In order to dermine at what level this impurity starts .to cause storage problems which are unacceptable, various levels of the synthesized 2,4-dianilino-triazin- 6-one were added to samples of the base detergent powder, and the samples were subjected to the previously-described storage test. The following results were obtained:

Changes on storage at 60'C pronounced smell and discoloration, developing ra idly impurity level These results indicate that levels of the impurity up to 0.001 percent on the base detergent powder do not cause significant storage problems, and hence a lowtemperature bleaching detergent composition of the invention, which includes not more than this amount of such impurities, possesses acceptable storage properties. Above this level, the poor storage properties begin to become too serious to permit commercial utilization of the detergent compositions.

It should be appreciated that, even in a closed container wherein relative humidity is not a factor, storage at 60 C represents very severe conditions. These conditions were chosen deliberately to show up in a short space of time any inherent instability in the compositions under test. Therefore it follows that any composition which is unaffected by such conditions is highly stable and should remain unchanged for many months under normal storage conditions.

EXAMPLES 2 to 6 A detergent base powder was prepared by conventional slurry-making and spray-drying techniques. Proportions of sodium perborate and N,N,N',N'- tetraacetyl ethylenediamine were than added to the base powder to give a detergent powder having the following formulation:

lngredient Percentage Sodium alkyl benzene sulphonste re ared b sulphonation of ".2

/055 ai yl benzene) Sodium toluene sulphonate 1.0 Coconut ethanolamide 2.0 Alkaline sodium silicate 9.6 Sodium earboxymethyl cellulose 0.5 Sodium sulphate 12.6 Sodium tripolyphosphate 33.5 Sodium perborate l N.N,N',N'-tetraacetyl ethylenediamine 8 Water to l00 Samples of various commercially-available fluorescent agents were obtained and purified by the procedure described above. The fluorescent agents were incorporated in purified and unpurified form at a level of 2 percent in portions of the above base powder, giving five pairs of detergent powders.

The fluorescent agents used were as follows:

Fluorescent agent Disodium 4,4'-di( 2",4"-dianilino-triazin- 6"-ylamino)-stilbene-2.2'- disulphonate Example 6 Disodium 4,4'-di( 2"-anilino-4"- dicthylaminotriazin-6"- ylam|no)-stilbene-2,2'- disulphonate Each detergent powder was subjected to the storage test described under Example 1 above. initially each detergent powder was white and possessed only the smell associated with the base powder. The following results were obtained:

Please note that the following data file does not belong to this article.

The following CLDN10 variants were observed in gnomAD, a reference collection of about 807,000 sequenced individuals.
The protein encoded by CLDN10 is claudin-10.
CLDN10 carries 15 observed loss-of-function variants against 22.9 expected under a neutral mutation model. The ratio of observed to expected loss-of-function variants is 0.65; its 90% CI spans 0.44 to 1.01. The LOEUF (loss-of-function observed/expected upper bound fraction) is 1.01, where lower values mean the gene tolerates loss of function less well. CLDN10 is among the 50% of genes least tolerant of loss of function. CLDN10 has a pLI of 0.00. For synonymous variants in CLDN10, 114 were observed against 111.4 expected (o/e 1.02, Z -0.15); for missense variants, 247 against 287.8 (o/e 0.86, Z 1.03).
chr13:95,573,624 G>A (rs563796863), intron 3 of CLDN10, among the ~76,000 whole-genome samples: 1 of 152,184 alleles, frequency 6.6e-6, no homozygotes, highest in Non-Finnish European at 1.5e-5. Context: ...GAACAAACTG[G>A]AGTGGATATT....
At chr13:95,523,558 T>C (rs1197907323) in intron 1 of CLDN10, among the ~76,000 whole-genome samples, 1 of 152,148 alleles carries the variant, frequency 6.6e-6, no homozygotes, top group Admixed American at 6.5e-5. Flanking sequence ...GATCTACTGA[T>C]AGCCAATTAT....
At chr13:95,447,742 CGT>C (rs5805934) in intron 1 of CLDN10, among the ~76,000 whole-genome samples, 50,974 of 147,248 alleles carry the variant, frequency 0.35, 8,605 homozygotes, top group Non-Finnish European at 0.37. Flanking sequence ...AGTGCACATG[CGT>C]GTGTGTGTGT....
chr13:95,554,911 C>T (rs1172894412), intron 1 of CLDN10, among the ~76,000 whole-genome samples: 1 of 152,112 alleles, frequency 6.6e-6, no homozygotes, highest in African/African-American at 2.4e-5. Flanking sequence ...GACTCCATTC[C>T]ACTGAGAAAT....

Example Changes on storage at C 2 (purified) None (unpurified Pink/smell within 20 minutes 3 (purified) None (unpurified) Very slight yellow/smell within 20 minutes 4 (purified) None (unpurified) Turned yellow in 20 minutes, and to pink in 50 minutes with a bad smell 5 (purified) None (unpurified) Turned green in 30 minutes with a bad smell 6 (purified) None (unpurified) Turned yellow in 35 minutes, and

to green with a bad smell EXAMPLES 7 and 8 Similar experiments to those described under Examples 2 to 6 were performed using sodium pacetoxybenzene sulphonate instead of N,N,N',N- tetraacetyl ethylenedlamine as the organic peracid precursor in the base detergent powder. The fluorescent agents used were:

Fluorescent agent rum 4,4'-di(2",4 "-dianilinotriszin- 6-ylamino)-stilbene-2,2'- disulphonste 8 Disodium 4,4'-di(2-anilino-4"- morpholinotriazin-6"- ylamino )-stilbene-2,2'- disulphonate Example The following results were obtained:

Example Chga'tggs observed on storage at 7 (purified) None (unpurified) ink/smell after a short time 8 (purified) one (unpurified) pink/smell aher a short time EXAMPLES 9 to 18 A quantity of the sodium salts of ten commerciallyavailable fluorescent agents were obtained, and a sample of each fluorescent agent was purified by the procedure described above. The purified and unpurified fluorescent agents were incorporated into a lowtemperature bleaching detergent composition having the following formulation:

4,4-di(2",4"-dianilinotriazin- 6' '-ylamino )-stilbene-2,2'- disulphonate Disodium 4,4'-di(2"-anilino4"- morpholinotriazin-6"- ylamino)-stilbene-2,2- disulphonate Disodium 4,4-di(2"-anilino-4' '-N methylethanclaminotriazin-6"- ylamino)-stilbene-2,2- disulphonate Disodium 4,4-di(2"'anilino-4"- diethanolam inotriazin-6"- ylamino )-stilbene-2,2'- disulphonate Disodium 4,4'-di( 2"-anilino-4' dimethylaminotriazin-6"- ylamino)-stilbene-2,2'- disulphonate Disodium 4,4'-di(2"-anilino-4"- diethylaminotriazin-6"- ylamino)-stilbene-2,2'- disulphonate Disodium 4,4'-di(2"-anilino-4"- monoethanolaminotriazin-6"- ylamino )-stilbene-2,2'- disulphonate Disodium 4,4'-di(2"-a.nllino-4"-( methyl- -hydroxy)ethylaminotriazin-6" glaminoystilbene-ZT- isulphonate Disodium 4,4'-di( 2' '-methylarnino-4"-pchloroanilinotriazin o ylamino )-stilbene-2,2- disulphonate Disodium 4,4-di(2"-diethanolamine-4' sulphanilinotriazin- 6' '-ylamino)-|tilbene-2,2- disulphonate Each Example consisted of a pair of detergent compositions containing the purified and unpurified fluorescent agent.

Samples of the compositions of Example 9, l0, l2, l4, l and 16 were stored in laminated packs at 37C]- 70% RH, and were examined at various intervals. The